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  41. Review of Sandra Harding's Objectivity and Diversity. [REVIEW]María G. Navarro & Kamili Posey - 2016 - Social Epistemology Review and Reply Collective 5 (4):60-64.
    Sandra Harding’s Objectivity and Diversity deals with the epistemic and political limitations of a conception of scientific objectivity that, according to the author, is still in force in our societies. However, in this conception of objectivity, diversity (e.g., of individuals and communities of knowledge, but also, and especially, agendas, models of participation and even styles of reasoning in decision making) still plays a limited and undeserved role.
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  42. The Objectivity of Nihilism.Gregor Schiemann - 2016 - Divinatio. Studia Culturologica 41 (Autumn-winter 2015):7-29.
    The discourse on nihilism in the German-speaking world continues to take its orientation primarily from Friedrich Nietzsche’s understanding of nihilism as a historical movement of the decline of values. This means that the aspects of nihilism that are not tied to specific epochs and cultures are not accorded due importance (I). In order to make a reappraisal of nihilism that does justice to these objective contents, I will present a classification of types of nihilism and of arguments that support it. (...)
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  43. Lessons in Multiculturalism and Objectivity? Puzzling Out Susan Haack's Philosophy of Education.Markus Seidel & Christoph Trüper - 2016 - In Julia Göhner & Eva-Maria Jung (eds.), Susan Haack: Reintegrating Philosophy. Springer. pp. 123-131.
  44. Scholarship as a Vocation: Reflections on the Past and Future of Social Science.Zhasmina Tacheva - 2016 - Emerging Perspectives: School of Management Review 1 (1):5-19.
    This essay seeks to expose readers from the social sciences to current debates in their fields, beyond the discussions of induction and deduction one learns about in a typical research methods course. It provides glimpses of social science from its dawn in 17th century empiricism, through the rise of postpositivism and antipositivism, to the infamous “science wars” in the 1990s, and expresses a hope for a broader and more inclusive future. Specifically, the paper compares the traditional positivist method of scientific (...)
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  45. Objectivity. Polity Press, 2015. Introduction and T. Of Contents.Guy Axtell - 2015 - Polity; Wiley.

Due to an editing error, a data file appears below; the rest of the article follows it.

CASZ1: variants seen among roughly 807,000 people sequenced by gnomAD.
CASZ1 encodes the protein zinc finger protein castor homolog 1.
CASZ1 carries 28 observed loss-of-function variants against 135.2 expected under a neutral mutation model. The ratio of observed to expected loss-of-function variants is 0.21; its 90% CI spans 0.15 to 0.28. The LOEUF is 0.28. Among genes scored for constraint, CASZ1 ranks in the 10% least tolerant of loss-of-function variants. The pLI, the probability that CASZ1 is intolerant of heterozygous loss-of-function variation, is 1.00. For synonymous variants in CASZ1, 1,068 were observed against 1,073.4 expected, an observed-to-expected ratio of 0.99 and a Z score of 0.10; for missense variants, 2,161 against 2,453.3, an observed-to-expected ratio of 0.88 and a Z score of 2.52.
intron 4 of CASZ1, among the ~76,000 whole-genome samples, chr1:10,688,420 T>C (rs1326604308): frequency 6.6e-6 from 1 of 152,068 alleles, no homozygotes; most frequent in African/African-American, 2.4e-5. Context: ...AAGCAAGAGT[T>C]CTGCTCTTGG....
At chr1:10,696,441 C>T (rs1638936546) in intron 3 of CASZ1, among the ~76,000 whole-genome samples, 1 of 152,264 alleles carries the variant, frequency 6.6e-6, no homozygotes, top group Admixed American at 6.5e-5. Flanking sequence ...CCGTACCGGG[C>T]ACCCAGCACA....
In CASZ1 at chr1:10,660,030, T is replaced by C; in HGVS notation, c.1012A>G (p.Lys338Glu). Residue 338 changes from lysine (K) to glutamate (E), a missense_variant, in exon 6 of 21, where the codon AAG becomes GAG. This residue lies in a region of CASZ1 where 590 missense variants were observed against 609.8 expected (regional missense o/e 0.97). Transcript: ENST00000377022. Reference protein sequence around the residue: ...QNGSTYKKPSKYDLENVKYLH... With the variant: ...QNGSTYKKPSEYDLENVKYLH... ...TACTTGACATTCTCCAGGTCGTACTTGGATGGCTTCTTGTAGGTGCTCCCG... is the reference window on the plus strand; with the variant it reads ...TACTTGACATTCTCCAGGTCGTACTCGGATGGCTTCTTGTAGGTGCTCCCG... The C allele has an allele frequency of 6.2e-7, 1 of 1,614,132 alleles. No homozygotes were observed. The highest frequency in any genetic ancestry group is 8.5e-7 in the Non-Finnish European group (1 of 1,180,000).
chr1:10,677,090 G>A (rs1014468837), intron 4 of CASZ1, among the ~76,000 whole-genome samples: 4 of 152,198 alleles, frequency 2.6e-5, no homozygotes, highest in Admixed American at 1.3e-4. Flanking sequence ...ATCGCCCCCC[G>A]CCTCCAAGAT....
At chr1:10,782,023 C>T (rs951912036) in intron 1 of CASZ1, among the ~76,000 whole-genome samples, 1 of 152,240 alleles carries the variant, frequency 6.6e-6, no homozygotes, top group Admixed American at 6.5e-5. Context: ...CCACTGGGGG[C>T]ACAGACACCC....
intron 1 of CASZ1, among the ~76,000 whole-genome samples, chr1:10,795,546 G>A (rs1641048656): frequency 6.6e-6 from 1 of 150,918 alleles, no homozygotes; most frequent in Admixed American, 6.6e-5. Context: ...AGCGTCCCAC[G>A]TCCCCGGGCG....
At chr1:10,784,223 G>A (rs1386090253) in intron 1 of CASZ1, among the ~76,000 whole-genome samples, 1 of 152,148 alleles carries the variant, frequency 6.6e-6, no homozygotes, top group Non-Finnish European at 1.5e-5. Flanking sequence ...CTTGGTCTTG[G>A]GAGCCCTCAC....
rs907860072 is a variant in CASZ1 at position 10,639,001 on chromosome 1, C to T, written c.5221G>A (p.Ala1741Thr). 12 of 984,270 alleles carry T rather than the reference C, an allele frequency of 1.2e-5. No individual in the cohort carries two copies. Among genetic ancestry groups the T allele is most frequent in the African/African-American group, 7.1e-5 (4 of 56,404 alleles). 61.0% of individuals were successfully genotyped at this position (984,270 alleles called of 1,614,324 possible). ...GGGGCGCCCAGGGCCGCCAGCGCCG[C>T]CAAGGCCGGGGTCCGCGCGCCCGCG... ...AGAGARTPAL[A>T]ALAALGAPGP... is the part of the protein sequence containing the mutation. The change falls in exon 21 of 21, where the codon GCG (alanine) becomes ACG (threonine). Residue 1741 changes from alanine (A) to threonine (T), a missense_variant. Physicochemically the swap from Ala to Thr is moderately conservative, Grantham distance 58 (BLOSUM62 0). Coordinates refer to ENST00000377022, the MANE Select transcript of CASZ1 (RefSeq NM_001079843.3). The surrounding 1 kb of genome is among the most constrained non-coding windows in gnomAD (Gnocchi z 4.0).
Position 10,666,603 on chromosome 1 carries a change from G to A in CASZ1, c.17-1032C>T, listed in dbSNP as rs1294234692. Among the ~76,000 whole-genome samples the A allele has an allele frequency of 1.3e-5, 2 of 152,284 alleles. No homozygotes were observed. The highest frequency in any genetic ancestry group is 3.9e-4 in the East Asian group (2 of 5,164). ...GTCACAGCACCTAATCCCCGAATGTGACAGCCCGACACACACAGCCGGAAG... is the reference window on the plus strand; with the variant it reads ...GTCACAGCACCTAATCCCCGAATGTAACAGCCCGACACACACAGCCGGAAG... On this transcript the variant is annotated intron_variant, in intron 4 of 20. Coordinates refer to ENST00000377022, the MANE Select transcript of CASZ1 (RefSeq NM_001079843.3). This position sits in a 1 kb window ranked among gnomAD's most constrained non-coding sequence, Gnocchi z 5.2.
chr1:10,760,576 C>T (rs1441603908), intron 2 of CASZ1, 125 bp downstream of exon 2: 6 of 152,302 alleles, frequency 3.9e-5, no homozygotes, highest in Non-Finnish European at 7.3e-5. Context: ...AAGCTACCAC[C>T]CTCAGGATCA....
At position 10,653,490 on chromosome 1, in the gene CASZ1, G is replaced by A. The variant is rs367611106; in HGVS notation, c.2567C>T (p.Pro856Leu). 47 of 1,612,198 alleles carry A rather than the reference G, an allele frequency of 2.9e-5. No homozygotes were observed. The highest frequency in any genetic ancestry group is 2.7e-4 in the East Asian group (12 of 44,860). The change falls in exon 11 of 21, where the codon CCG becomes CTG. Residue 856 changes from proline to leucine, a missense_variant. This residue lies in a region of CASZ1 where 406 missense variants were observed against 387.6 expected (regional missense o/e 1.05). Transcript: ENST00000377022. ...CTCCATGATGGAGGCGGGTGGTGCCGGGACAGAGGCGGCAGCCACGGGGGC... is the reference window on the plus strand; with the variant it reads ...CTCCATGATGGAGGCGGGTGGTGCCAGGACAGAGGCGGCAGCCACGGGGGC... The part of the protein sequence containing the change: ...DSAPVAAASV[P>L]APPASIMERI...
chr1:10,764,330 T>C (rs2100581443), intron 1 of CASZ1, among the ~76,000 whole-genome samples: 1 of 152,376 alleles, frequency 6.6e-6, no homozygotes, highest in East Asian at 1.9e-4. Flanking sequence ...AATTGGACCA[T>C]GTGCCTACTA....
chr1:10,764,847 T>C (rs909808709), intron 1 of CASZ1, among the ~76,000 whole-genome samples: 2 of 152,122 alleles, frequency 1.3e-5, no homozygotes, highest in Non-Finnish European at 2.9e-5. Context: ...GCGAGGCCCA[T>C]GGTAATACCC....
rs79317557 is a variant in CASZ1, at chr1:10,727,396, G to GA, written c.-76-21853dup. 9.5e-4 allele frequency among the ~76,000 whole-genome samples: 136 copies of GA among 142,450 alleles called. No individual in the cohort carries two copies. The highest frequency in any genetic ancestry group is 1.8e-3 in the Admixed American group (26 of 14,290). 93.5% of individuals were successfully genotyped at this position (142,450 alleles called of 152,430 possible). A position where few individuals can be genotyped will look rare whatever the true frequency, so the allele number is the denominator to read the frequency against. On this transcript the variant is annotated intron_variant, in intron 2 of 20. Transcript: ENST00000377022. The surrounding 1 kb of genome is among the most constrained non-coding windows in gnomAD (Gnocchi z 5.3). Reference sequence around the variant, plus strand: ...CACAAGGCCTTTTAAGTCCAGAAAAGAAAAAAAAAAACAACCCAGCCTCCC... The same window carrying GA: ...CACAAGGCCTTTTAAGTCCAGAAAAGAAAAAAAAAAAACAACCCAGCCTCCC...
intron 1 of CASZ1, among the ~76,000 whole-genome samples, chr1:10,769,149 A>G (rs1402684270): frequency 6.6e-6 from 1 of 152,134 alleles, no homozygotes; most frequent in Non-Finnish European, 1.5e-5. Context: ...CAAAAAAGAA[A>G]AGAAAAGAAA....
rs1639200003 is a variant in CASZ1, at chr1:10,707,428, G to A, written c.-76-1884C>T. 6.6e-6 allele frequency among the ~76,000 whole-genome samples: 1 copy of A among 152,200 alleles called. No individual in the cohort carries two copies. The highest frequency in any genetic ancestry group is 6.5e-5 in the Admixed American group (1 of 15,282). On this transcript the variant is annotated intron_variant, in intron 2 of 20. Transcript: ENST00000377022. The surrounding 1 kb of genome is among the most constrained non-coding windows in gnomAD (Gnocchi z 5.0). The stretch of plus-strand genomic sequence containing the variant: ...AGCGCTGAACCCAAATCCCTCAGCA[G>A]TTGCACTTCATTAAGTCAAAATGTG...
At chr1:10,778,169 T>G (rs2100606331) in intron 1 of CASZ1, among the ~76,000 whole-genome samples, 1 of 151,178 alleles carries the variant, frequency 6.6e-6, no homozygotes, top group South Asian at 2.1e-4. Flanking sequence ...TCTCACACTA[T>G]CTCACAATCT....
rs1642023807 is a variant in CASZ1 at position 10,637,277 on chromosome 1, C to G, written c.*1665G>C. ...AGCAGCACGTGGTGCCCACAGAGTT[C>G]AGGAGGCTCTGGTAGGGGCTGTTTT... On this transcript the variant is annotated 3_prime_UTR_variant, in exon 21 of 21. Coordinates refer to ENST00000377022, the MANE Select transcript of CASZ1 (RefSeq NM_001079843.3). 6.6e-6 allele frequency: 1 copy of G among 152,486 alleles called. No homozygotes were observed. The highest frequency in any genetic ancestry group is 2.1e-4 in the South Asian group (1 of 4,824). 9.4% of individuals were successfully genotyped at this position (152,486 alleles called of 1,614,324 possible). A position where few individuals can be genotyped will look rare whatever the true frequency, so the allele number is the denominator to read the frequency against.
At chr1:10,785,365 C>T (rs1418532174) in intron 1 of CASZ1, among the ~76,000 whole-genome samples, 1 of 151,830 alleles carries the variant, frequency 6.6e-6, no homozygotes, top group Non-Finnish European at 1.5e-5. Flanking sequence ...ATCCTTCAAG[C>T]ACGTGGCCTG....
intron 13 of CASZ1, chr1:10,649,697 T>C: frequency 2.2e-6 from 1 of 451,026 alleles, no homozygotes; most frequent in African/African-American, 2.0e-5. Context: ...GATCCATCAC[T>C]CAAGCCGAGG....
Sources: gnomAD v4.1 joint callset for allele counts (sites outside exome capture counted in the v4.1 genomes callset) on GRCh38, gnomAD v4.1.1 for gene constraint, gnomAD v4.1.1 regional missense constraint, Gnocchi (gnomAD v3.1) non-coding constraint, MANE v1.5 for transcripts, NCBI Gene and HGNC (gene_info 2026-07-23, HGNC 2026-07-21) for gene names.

“Objectivity” is an important theoretical concept with diverse applications in our collective practices of inquiry. It is also a concept attended in recent decades by vigorous debate, debate that includes but is not restricted to scientists and philosophers. The special authority of science as a source of knowledge of the natural and social world has been a matter of much controversy. In part because the authority of science is supposed to result from the objectivity of its methods and results, objectivity (...)
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  46. Repenser la neutralité axiologique. Objectivité, autonomie et délibération publique.Marc-Kevin Daoust - 2015 - Revue Européenne des Sciences Sociales 53 (1):199-225.
    L’objectif de cet article est double. D’une part, il vise à identifier une interprétation éthique de la neutralité axiologique, et non de réduire ce critère à des considérations épistémologiques comme la distinction entre faits et valeurs. On peut, en effet, interpréter le critère de neutralité axiologique comme un mécanisme visant à défendre l’autonomie des différents membres de la communauté universitaire. D’autre part, cet article entend utiliser cette interprétation éthique pour répondre aux critiques contemporaines de la neutralité axiologique. Amartya Sen et (...)
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  47. Philosophical Commitments, Empirical Evidence, and Theoretical Psychology.Allen Pamela - 2015 - Theory and Psychology 25 (1):03-24.
    The philosophical or theoretical commitments informing psychological research are sometimes characterized, even by theoretical psychologists themselves, as nonempirical, outside the bounds of methodological consideration, and/or nonrational. We argue that this characterization is incoherent. We illustrate our concern by analogy with problematic appeals to Kuhn’s work that have been influential in theoretical psychology. Following the contemporary pragmatist tradition, we argue that our philosophical/theoretical commitments are part of our larger webs of belief, and that for any of these beliefs to have meaning (...)
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  48. Review of Sally Haslanger, Resisting Reality: Social Construction and Social Critique. [REVIEW]Theodore Bach - 2014 - Ethics 124 (3):612-617.
    There has been a significant amount of research, from a variety of disciplines, targeting the nature and political status of human categories such as woman, man, Black, and Latino. The result is a tangle of concepts and distinctions that often obscure more than clarify the subject matter. This incentivizes the creation of fresh terms and distinctions that might disentangle the old, but too often these efforts just add to the snarl. The process iterates, miscommunication becomes standard, and insufficiently vetted concepts (...)
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  49. Social Values.Dustin Garlitz - 2014 - In Sherwood Thompson (ed.), Encyclopedia of Diversity and Social Justice. Rowman & Littlefield Publishers.
  50. Criticism and Pragmatic Philosophy of Social Science.Brendan Hogan - 2014 - In José Manuel Bermudo (ed.), Figuras de la dominación. ISBN: 978-84-15212-22-5. Horsori.